Modelling of dipping clinoform barriers within deltaic outcrop analogues from the Cretaceous Western Interior Basin, USA
Published:January 01, 2008
John Howell, Åsmund Vassel, Tanja Aune, 2008. "Modelling of dipping clinoform barriers within deltaic outcrop analogues from the Cretaceous Western Interior Basin, USA", The Future of Geological Modelling in Hydrocarbon Development, A. Robinson, P. Griffiths, J. Price, J. Hegre, A. Muggeridge
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Deltaic reservoirs typically contain seaward-dipping surfaces termed clinoforms. Shale and carbonate cements covering clinoforms can frequently form a barrier or baffle to horizontal flow within reservoirs, However, clinoforms are not typically included in static or flow simulation models because they are often not identified in well data and little is known about their 3D geometry. High quality outcrops such as Cretaceous deposits of the US Western Interior Seaway provide an ideal opportunity to study clinoform geometry and shape, and to model their effects on flow. Within this study, two deltaic systems have been studied. The first is the Ferron...
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The Future of Geological Modelling in Hydrocarbon Development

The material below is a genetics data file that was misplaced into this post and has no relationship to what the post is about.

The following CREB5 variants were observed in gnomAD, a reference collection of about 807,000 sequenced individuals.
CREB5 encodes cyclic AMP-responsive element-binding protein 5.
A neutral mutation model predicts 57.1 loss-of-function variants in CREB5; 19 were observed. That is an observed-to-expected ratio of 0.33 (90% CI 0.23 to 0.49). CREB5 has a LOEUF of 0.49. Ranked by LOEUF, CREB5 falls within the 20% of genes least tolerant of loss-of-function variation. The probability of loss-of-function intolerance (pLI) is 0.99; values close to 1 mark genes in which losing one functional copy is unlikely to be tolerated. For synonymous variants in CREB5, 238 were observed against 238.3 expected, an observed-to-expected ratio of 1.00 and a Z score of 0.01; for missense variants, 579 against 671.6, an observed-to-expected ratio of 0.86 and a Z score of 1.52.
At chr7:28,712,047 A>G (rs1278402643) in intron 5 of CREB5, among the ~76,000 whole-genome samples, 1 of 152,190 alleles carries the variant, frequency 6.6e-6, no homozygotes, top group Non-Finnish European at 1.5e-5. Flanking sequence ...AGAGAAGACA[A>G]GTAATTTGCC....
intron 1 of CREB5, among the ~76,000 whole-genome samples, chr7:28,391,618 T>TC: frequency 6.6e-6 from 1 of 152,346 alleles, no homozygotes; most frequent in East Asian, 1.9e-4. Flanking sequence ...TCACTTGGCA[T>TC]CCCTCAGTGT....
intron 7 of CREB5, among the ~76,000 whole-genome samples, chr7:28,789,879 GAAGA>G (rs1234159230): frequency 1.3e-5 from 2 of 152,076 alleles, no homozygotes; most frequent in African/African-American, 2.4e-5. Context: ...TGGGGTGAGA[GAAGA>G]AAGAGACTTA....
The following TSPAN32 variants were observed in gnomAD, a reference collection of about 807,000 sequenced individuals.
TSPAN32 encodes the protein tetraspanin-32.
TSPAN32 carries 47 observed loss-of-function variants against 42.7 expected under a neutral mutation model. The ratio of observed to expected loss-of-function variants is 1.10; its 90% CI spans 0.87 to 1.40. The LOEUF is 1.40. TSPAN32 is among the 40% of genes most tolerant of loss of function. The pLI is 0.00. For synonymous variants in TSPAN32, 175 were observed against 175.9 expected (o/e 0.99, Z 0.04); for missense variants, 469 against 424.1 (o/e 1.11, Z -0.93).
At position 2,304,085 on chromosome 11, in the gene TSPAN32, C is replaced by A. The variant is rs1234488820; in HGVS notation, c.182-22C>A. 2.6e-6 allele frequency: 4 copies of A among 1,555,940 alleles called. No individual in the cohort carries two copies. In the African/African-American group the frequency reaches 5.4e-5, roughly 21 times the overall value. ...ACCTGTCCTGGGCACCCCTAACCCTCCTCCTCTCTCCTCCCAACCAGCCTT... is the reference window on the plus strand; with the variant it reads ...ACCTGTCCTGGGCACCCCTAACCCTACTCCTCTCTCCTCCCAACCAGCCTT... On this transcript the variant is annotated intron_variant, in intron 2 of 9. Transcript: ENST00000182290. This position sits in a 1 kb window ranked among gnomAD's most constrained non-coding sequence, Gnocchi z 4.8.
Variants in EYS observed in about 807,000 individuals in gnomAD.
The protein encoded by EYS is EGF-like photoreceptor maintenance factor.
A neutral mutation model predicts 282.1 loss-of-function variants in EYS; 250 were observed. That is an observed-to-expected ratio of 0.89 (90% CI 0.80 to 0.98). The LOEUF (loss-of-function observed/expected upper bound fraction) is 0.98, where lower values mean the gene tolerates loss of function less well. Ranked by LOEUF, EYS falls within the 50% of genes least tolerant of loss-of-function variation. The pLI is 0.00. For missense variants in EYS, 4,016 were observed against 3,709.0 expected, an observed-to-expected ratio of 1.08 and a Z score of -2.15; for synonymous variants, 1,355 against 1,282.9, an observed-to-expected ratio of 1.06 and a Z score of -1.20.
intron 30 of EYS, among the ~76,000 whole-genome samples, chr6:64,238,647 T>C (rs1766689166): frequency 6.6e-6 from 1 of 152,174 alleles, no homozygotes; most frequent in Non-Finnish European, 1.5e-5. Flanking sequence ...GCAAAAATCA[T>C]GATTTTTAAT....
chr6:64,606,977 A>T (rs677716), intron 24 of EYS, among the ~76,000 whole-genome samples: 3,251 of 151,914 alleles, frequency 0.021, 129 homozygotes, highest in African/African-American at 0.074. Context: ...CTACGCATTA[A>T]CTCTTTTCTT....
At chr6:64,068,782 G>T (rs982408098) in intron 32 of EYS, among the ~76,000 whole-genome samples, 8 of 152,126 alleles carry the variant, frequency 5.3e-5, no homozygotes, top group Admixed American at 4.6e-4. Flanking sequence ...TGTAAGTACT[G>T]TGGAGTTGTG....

The 3D geological model is still regarded as one of the newest and most innovative tools for reservoir management purposes. The computer modelling of structures, rock properties and fluid flow in hydrocarbon reservoirs has evolved from a specialist activity to part of the standard desktop toolkit. The application of these techniques has allowed all disciplines of the subsurface team to collaborate in a common workspace. In today’s asset teams, the role of the geological model in hydrocarbon development planning is key and will be for some time ahead.
The challenges that face the geologists and engineers will be to provide more seamless interaction between static and dynamic models. This interaction requires the development of conventional and unconventional modelling algorithms and methodologies in order to provide more risk-assessed scenarios, thus enabling geologists and engineers to better understand and capture inherent uncertainties at each aspect of the geological model’s life.